Keep Learning, Have Faith, & Empower Others
Updated: 7 days ago
If you take a long hard look, there are fundamental values — internal choices — pivotal moments that got you to where you are right now. For better or worse, they have defined your life, taught you valuable lessons, and carved the path you call "your journey."
Below is a bit about my unique path to becoming a professional stage manager. I hope there’s something useful that you can take with you.
In high school, I dabbled in theatre, but it wasn’t until my senior year that I fully immersed myself by accepting the role of Assistant Director/Stage Manager for Our Town and The Music Man. There was something about it — the organization of chaos, the responsibility, the scheduling, the blocking diagrams, the camaraderie, the problem solving, the complicated calling sequences — that lit a fiery passion within me. I wasn’t this excited about math or science or writing or history. I had found my jam.
But I didn’t know anything about stage managing in the professional world! Where do these organized beings work? How much money do they make? What does a career in stage managing even look like? I had so many questions and no professional contacts to answer them, so I let the dream go.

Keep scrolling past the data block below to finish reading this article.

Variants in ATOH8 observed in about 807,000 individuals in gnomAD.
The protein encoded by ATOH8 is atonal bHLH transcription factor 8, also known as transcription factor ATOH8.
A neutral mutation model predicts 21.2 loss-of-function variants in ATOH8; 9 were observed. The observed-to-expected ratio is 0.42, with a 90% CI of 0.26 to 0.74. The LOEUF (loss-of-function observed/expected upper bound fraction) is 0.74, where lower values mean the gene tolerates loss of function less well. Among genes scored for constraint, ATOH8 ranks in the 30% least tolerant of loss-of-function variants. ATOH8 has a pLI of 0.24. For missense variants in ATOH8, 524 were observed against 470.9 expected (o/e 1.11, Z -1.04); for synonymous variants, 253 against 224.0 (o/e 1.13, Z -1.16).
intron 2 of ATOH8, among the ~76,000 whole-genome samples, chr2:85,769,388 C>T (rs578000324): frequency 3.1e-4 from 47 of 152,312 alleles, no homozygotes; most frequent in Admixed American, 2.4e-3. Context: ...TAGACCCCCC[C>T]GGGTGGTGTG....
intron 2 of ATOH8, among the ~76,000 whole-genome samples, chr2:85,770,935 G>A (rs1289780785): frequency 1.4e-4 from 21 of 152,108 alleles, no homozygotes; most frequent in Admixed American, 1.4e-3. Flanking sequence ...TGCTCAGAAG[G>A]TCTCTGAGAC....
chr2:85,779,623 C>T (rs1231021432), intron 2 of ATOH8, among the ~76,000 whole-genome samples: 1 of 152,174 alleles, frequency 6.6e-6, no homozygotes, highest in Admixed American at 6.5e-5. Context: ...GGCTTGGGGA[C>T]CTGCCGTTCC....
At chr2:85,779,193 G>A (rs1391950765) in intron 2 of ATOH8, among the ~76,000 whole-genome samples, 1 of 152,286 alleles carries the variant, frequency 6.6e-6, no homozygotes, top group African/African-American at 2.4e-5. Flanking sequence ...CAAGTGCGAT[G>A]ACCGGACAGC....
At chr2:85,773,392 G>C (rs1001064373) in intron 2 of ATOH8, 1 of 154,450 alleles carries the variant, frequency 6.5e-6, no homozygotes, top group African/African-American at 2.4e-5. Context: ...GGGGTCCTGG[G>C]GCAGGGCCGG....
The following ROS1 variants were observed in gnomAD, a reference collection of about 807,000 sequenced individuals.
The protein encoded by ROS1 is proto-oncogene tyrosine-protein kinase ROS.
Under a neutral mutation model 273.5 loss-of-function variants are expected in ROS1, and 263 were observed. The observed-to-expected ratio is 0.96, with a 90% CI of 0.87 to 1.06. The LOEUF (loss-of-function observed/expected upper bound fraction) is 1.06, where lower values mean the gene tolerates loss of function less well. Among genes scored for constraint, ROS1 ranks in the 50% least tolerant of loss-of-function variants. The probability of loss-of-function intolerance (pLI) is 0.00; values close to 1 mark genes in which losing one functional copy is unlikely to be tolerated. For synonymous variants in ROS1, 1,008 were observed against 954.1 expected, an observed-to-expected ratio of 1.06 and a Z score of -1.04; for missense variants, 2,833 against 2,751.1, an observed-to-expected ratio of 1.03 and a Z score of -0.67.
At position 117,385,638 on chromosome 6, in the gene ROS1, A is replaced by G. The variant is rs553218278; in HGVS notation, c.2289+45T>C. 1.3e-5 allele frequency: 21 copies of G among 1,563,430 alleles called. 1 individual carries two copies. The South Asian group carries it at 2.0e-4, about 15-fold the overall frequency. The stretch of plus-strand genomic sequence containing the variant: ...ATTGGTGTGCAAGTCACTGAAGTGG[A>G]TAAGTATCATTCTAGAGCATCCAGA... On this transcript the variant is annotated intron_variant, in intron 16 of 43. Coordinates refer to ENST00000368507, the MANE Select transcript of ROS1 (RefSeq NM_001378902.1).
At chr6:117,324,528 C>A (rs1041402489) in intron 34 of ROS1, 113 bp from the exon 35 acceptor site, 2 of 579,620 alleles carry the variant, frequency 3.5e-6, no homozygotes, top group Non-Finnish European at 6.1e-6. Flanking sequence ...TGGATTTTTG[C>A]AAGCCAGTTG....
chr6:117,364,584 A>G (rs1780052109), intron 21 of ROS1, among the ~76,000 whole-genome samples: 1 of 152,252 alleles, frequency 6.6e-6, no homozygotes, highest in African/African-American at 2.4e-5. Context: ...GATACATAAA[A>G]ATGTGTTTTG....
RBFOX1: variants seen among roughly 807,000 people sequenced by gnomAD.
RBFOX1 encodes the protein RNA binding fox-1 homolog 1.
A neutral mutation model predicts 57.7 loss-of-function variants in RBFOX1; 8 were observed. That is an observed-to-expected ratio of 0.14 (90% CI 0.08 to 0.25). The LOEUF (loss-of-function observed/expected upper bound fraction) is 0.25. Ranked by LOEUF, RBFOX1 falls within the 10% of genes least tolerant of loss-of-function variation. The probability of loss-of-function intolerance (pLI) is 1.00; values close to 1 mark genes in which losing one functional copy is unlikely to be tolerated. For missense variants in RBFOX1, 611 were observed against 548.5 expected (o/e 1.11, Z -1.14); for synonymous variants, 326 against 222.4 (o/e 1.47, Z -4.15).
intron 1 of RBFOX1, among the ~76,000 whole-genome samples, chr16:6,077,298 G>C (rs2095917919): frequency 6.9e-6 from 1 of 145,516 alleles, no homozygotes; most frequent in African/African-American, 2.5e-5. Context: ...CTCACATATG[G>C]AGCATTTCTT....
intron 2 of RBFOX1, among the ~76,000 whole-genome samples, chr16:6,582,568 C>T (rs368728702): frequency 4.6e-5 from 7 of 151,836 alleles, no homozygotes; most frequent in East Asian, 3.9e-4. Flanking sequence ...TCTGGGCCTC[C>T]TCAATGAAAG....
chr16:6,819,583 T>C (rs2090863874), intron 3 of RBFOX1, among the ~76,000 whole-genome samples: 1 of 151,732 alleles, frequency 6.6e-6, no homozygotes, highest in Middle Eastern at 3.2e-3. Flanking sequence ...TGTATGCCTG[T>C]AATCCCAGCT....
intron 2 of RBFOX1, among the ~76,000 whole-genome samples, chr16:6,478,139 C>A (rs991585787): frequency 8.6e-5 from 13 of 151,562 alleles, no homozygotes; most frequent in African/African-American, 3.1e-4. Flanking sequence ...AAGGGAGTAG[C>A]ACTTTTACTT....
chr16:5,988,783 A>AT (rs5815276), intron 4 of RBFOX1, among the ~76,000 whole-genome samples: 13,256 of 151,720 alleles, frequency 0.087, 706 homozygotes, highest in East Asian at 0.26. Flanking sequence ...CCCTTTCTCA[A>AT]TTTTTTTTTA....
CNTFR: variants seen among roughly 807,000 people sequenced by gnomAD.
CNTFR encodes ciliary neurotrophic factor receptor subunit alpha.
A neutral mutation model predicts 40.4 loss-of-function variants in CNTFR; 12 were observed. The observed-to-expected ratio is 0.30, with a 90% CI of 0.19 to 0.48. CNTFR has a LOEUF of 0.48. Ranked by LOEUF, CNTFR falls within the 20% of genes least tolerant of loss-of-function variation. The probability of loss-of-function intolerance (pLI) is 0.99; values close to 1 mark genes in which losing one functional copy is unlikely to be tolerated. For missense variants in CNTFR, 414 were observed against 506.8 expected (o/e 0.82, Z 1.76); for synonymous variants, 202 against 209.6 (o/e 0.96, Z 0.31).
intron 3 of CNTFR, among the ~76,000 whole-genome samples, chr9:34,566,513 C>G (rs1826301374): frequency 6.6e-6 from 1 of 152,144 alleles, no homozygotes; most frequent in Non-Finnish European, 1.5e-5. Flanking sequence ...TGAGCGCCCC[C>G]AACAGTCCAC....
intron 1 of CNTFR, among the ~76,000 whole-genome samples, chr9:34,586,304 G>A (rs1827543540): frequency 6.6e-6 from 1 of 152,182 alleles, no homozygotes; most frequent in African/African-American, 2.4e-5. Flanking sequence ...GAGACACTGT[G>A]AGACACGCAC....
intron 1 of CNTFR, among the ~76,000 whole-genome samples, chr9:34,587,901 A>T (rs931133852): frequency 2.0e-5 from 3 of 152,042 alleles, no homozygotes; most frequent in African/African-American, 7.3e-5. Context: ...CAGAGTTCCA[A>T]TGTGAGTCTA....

I decided to, instead, become a nurse. Some might say that's 180° from stage managing, but really it's not! You take care of people, listen to them, stay calm, organize paperwork, anticipate problems— it has some key similarities. The only problem was... I cringed at the thought of changing bedpans and worried that someone might die in my hands from a minor miscalculation or single mistake. Even as I began my second year of nursing school, these fears kept knocking at my door until I finally let them in and contemplated what my life would be like without them— without becoming a nurse. I realized that I wanted my career to be something that I was wholeheartedly passionate about. So I marched up to the Fine Arts building with my high school prompt script (a blocking/calling script combo platter) to let the chairman know that I wanted to become a stage manager and I was switching my major to theatre.
Little did I know, he was looking for someone to fulfill that role! He quickly offered me my first college stage managing job and connected me with an advisor to guide me on this new path. As my advisor and I planned out my remaining semesters, he recommended that I minor in business management — which was brilliant! It included courses on organizational behavior, leadership, human resources, and personal finance. All skills I would need in the real world.